December 16, 2014. This day does not really have any significant meaning to people when it comes to sports, however with the events of today this date might have some significance. On this day a man named Thierry Henry retired from the sport of soccer. Okay maybe this day does not have that much significance in sports regardless but here at Fan-I Sports we are using this opportunity to look back at Henry’s career, which to me does not get enough credit.
To those who are not really into soccer, they are probably wondering who he is or saying “oh that’s that French guy who was on the New York Red Bulls.” However, for those versed in soccer history, they will remember Thierry Henry as a great player, and even some would consider him a legend.
This is not a biography on Thierry’s life but think of this as an article on the dazzling career that belonged to Thierry Henry. Henry started out on French team Monaco; there he turned heads for his ability to dribble past defenders. Although Henry played on Juventus and Barcelona, it was his career in the Barclays Premier League playing for Arsenal that is most memorable when talking about Henry’s club career. In Henry’s time with Arsenal, he scored 175 premier league goals and 228 club goals overall which puts him first all time on Arsenal’s goal scoring list. Think about it, out of all the Great players that have come through the organization like Robin Van Persie, Ted Drake (yes really old example but 41 league goals in a season is 41 league goals in a season), and many many more, Thierry Henry is above them all and he left the organization at 30, 7 years before he called it a career. Then he played on Barcelona for a brief three year stint before leaving For the New York Red Bulls. There he helped grow the MLS, showing that at 33 he is still very tricky with the ball. In my opinion he was a good example of what a European player can bring to an MLS team if he is brought right.
His mark was not just made on a club level but also on an international level playing for France as well. As a young 20 year old he was apart of that legendary 1998 France team that won the World Cup, as well as the 2000 team that won the Euro cup when he was 22. He is in elite company scoring 51 goals for France in 123 appearances. He was also part of that 2006 team that came so very close to winning it all against Italy. (Contrary to popular belief Henry was not the guy who missed the penalty David Trezeguet was). All these numbers are amazing on paper but there are a couple things really hurt Henry’s legacy as one of the best player ever and here at Fan-I Sports, both sides are always told.
The lesser argument that I find unfair was that Henry could not win the big one as the main star. Granted, he has had success with France but if Zinedine Zidane is on your team and you are not getting to at least semi-finals, the rest of the team has to be really bad. Supporters of the argument can look at his career in MLS and his “Prime years” at Arsenal to argue this. However, you would be foolish to not acknowledge his success at winning and being productive, so this argument is not really used often because his has won wherever he goes with the exception of the New York Red Bulls.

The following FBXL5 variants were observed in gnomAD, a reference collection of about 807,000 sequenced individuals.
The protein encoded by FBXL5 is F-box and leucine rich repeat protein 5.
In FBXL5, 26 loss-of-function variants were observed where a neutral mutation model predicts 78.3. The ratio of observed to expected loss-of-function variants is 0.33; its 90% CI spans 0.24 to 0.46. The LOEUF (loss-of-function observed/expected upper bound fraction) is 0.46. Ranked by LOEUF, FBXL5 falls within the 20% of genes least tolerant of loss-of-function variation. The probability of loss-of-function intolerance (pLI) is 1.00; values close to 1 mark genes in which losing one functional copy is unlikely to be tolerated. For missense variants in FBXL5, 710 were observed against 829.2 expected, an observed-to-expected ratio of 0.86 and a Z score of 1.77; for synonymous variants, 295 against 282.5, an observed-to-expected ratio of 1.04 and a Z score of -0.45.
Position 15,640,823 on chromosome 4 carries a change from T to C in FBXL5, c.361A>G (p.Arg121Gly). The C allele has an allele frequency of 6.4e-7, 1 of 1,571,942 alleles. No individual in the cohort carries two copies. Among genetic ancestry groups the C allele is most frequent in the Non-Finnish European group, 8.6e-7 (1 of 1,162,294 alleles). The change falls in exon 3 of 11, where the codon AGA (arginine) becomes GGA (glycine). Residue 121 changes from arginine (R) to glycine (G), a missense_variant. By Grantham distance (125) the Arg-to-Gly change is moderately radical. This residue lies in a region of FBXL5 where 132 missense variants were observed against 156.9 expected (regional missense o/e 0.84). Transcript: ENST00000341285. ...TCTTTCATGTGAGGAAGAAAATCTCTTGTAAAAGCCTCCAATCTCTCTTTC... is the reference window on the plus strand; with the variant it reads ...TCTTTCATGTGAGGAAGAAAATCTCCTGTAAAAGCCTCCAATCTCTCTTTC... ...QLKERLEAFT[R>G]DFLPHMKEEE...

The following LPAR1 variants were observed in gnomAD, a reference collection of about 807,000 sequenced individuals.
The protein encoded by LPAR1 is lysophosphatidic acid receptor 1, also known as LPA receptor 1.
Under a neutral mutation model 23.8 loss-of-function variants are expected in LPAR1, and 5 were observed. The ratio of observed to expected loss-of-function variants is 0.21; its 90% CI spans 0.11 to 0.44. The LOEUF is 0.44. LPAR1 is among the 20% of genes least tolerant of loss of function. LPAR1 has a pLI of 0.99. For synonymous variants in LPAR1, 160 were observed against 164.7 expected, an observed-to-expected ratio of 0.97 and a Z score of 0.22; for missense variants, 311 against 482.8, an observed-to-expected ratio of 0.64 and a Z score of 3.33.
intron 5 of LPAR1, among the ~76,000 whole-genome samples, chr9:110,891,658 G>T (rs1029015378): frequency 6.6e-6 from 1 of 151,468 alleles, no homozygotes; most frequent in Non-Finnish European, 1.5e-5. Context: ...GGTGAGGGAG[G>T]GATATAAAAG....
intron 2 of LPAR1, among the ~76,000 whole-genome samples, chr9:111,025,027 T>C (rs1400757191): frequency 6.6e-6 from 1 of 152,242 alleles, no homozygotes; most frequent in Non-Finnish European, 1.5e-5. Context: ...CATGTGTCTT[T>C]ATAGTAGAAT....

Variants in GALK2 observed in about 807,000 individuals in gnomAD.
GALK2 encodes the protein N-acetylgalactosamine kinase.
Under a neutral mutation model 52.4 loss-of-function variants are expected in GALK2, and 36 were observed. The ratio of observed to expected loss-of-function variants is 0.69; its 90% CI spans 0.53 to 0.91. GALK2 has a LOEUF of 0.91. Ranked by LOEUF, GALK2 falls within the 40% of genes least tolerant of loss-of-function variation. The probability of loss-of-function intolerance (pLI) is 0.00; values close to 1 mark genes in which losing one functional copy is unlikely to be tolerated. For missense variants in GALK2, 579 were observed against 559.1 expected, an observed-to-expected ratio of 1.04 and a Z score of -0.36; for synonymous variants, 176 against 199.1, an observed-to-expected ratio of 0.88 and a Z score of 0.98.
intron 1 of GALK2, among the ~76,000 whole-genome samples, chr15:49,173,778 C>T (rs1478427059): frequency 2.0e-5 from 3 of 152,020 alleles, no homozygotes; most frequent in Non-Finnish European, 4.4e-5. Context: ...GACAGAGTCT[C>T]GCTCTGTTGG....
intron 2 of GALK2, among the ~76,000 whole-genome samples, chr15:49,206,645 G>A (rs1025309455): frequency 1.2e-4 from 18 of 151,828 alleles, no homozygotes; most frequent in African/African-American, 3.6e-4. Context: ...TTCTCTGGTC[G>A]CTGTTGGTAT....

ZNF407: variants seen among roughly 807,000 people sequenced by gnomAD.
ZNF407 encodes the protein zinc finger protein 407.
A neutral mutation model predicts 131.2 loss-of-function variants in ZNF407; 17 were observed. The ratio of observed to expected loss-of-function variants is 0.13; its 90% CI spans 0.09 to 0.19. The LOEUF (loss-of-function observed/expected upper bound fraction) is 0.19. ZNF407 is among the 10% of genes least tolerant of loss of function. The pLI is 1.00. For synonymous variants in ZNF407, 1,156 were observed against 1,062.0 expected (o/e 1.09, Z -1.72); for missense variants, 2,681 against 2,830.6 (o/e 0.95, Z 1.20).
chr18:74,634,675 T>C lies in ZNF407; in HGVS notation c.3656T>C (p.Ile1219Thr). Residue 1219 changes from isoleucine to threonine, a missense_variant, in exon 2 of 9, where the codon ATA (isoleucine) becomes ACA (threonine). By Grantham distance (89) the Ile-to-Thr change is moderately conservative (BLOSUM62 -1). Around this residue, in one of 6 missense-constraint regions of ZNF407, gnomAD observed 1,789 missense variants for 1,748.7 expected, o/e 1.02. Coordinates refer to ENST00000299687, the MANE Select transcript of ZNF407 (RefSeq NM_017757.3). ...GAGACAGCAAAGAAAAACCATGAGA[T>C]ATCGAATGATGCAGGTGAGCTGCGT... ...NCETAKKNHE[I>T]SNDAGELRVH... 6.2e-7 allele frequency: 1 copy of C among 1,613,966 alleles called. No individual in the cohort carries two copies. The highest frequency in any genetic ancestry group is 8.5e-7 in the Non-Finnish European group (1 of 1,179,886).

The semi decent argument is that Henry is a mercenary. There is no doubt that he definitely leaves to the highest bidder when his current team does not pay his high enough. Although I am on the side of the argument that no player should take a pay cut (because when the players were struggling the banks weren’t willing to take a “pay cut” on their parent’s mortgages) it can be argued that the “best players of all time” stay with the team that gave them their “big break”. This argument is again irrelevant because soccer players generally go to the highest bidder. Yes the best players generally do stay at the team that gives them their big break for their “prime years” like Pele in Santos and Messi in Barcelona (he is still playing so not a great example), but players like Maradona switched teams (once but he did) and Zidane did not exactly say no to the massive contract Real Madrid offered him (which made him the most expensive player of all time from 2001-2009 even though he retired in 2006).
The argument that I can semi understand is that with Henry there is that feeling that he hung on too long to the game. At Arsenal, he left because the young core looked better and went to another team in the (at the time) less talented La Liga. In Barcelona he left because some guy named Lionel Messi (sarcasm) was turning into a star and went to another clearly less talented league in the MLS. In both cases, many fans felt him leaving was a good thing for their franchise because of the “next guy up” despite that Henry still had some talent left in him. This situation looks very similar to situations where athletes hang on too long to the game (i.e. Paul pierce, Shaquille O’Neal, Michael Jordan etc.). This argument is actually very concrete but the counter is that again for some reason, wherever Henry has went, the team has enjoyed success. And all the teams he was apart of, he was a reason they did enjoy success.
To me, for non-soccer fans I would compare Henry to a soccer version of Tracy McGrady but with the “if he stayed healthy and won.” added in the equation. Really good, people talk about him at his prime as an elite player but not thought of as one of the best ever. In my opinion, Thierry Henry’s legacy is a man who is one of the most underrated soccer players of all time and can leave the game with pride.